• About 95.44% of the whole data lies within two standard deviations (2?) of the mean (?), taking both sides into account, the pink+blue region in the figure.
  • About 99.72% of the whole data lies within three standard deviations (<3?) of the mean (?), taking both sides into account, the pink+blue+green region in the figure.
  • And the rest 0.28% of the whole data lies outside three standard deviations (>3?) of the mean (?), taking both sides into account, the little red region in the figure. And this part of the data is considered as outliers.
  • The first and the third quartiles, Q1 and Q3, lies at -0.675? and +0.675? from the mean, respectively.

I could have shown you the calculations behind these inferences but that?s beyond the scope of this article. If you wish, you can check these at: cs.uni.edu/~campbell/stat/normfact.html

Let?s calculate the IQR decision range in terms of ?

Taking scale = 1:

Lower Bound:= Q1 – 1 * IQR= Q1 – 1 * (Q3 – Q1)= -0.675? – 1 * (0.675 – [-0.675])?= -0.675? – 1 * 1.35?= -2.025?Upper Bound:= Q3 + 1 * IQR= Q3 + 1 * (Q3 – Q1)= 0.675? + 1 * (0.675 – [-0.675])?= 0.675? + 1 * 1.35?= 2.025?

So, when scale is taken as 1, then according to IQR Method any data which lies beyond 2.025? from the mean (?), on either side, shall be considered as outlier. But as we know, upto 3?, on either side of the ? ,the data is useful. So we cannot take scale = 1, because this makes the decision range too exclusive, means this results in too much outliers. In other words, the decision range gets so small (compared to 3?) that it considers some data points as outliers, which is not desirable.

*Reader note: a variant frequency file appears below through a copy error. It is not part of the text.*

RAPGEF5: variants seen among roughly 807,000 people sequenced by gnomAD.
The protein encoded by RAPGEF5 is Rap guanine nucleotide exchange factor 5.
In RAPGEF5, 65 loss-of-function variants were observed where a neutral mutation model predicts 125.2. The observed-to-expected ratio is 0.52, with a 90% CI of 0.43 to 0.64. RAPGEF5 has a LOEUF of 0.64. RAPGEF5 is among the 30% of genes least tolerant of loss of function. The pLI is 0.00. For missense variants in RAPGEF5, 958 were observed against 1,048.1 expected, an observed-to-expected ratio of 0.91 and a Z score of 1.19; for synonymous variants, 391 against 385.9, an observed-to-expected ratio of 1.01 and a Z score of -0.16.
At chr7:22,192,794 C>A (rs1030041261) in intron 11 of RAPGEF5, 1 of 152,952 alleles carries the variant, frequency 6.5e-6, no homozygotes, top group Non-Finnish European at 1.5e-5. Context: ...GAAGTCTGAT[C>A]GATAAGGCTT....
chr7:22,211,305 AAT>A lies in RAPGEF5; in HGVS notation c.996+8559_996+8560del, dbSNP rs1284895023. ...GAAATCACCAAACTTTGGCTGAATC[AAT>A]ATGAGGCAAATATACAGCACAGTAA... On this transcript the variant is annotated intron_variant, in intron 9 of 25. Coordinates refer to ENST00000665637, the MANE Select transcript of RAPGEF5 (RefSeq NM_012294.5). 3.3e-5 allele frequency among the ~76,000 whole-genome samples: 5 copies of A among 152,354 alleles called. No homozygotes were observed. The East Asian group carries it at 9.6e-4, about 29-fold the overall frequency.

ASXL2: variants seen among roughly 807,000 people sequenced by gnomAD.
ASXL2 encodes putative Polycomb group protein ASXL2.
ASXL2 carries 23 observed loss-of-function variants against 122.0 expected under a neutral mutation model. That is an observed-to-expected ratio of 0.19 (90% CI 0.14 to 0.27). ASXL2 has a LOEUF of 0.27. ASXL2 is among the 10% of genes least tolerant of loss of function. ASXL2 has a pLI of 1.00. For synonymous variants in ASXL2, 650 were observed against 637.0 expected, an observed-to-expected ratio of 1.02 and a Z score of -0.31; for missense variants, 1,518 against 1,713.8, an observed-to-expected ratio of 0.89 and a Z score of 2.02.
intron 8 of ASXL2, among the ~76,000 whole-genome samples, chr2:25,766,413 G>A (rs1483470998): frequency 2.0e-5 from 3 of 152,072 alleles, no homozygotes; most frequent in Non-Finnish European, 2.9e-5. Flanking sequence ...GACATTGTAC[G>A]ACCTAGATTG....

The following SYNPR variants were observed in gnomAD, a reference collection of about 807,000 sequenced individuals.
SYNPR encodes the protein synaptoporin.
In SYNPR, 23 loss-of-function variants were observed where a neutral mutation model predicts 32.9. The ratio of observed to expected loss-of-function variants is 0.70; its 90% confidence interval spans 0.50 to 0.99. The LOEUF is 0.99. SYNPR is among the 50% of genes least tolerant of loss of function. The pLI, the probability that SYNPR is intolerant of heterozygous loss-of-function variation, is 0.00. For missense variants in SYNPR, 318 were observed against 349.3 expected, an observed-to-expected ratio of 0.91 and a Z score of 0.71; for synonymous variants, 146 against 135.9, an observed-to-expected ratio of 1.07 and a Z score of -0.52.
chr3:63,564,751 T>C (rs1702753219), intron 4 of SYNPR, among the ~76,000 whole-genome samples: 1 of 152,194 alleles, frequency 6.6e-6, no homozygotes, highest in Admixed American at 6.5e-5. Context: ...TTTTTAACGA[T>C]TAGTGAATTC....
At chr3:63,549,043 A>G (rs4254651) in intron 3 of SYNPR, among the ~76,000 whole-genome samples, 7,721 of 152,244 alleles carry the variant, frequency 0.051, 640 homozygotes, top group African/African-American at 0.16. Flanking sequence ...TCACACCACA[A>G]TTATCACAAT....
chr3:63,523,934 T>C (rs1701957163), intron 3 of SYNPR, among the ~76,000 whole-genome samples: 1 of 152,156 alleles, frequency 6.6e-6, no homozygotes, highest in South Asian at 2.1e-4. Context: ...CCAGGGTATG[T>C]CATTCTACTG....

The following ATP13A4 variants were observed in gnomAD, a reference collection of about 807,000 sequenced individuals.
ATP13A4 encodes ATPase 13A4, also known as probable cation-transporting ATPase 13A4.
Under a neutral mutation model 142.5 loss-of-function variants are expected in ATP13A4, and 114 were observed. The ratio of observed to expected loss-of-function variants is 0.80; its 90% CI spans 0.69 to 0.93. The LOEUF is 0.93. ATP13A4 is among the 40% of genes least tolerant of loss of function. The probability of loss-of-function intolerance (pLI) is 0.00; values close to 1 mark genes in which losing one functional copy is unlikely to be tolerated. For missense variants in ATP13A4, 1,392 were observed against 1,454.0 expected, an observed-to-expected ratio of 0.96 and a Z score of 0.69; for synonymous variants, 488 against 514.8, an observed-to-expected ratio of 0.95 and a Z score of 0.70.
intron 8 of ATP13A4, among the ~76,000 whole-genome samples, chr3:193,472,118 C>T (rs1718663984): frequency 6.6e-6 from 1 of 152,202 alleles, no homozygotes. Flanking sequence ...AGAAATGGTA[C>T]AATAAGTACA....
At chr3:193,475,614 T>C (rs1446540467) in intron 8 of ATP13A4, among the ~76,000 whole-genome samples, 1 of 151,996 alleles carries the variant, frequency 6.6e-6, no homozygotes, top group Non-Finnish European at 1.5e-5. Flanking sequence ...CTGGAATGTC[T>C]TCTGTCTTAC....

Taking scale = 2:

Lower Bound:= Q1 – 2 * IQR= Q1 – 2 * (Q3 – Q1)= -0.675? – 2 * (0.675 – [-0.675])?= -0.675? – 2 * 1.35?= -3.375?Upper Bound:= Q3 + 2 * IQR= Q3 + 2 * (Q3 – Q1)= 0.675? + 2 * (0.675 – [-0.675])?= 0.675? + 2 * 1.35?= 3.375?

So, when scale is taken as 2, then according to IQR Method any data which lies beyond 3.375? from the mean (?), on either side, shall be considered as outlier. But as we know, upto 3?, on either side of the ? ,the data is useful. So we cannot take scale = 2, because this makes the decision range too inclusive, means this results in too few outliers. In other words, the decision range gets so big (compared to 3?) that it considers some outliers as data points, which is not desirable either.

Taking scale = 1.5:

Lower Bound:= Q1 – 1.5 * IQR= Q1 – 1.5 * (Q3 – Q1)= -0.675? – 1.5 * (0.675 – [-0.675])?= -0.675? – 1.5 * 1.35?= -2.7?Upper Bound:= Q3 + 1.5 * IQR= Q3 + 1.5 * (Q3 – Q1)= 0.675? + 1.5 * (0.675 – [-0.675])?= 0.675? + 1.5 * 1.35?= 2.7?

When scale is taken as 1.5, then according to IQR Method any data which lies beyond 2.7? from the mean (?), on either side, shall be considered as outlier. And this decision range is the closest to what Gaussian Distribution tells us, i.e., 3?. In other words, this makes the decision rule closest to what Gaussian Distribution considers for outlier detection, and this is exactly what we wanted.

*** Side Note ***

To get exactly 3?, we need to take the scale = 1.7, but then 1.5 is more ?symmetrical? than 1.7 and we?ve always been a little more inclined towards symmetry, aren?t we!?

Also, IQR Method of Outlier Detection is not the only and definitely not the best method for outlier detection, so a bit trade-off is legible and accepted.

See, how beautifully and elegantly it all unfolded using maths. I just love how things become clear and evidently takes shape when perceived through its mathematics. And this is one of the many reasons why maths is the language of our world (not sure about the universe though ?).

So, I hope, now you know why do we take it 1.5 * IQR. But this scale depends on the distribution followed by the data. Say if my data seem to follow exponential distribution then this scale would change.

But again, every complication which arises because of mathematics is solved by mathematics itself.

Ever heard of Central Limit Theorem? Yep! The very same theorem why grants us the liberty to assume the distribution to be followed as Gaussian without any guilt. But I think I?d leave that for some other day. Until then, be curious!

Hope you found this article useful. Thanks!

Godspeed!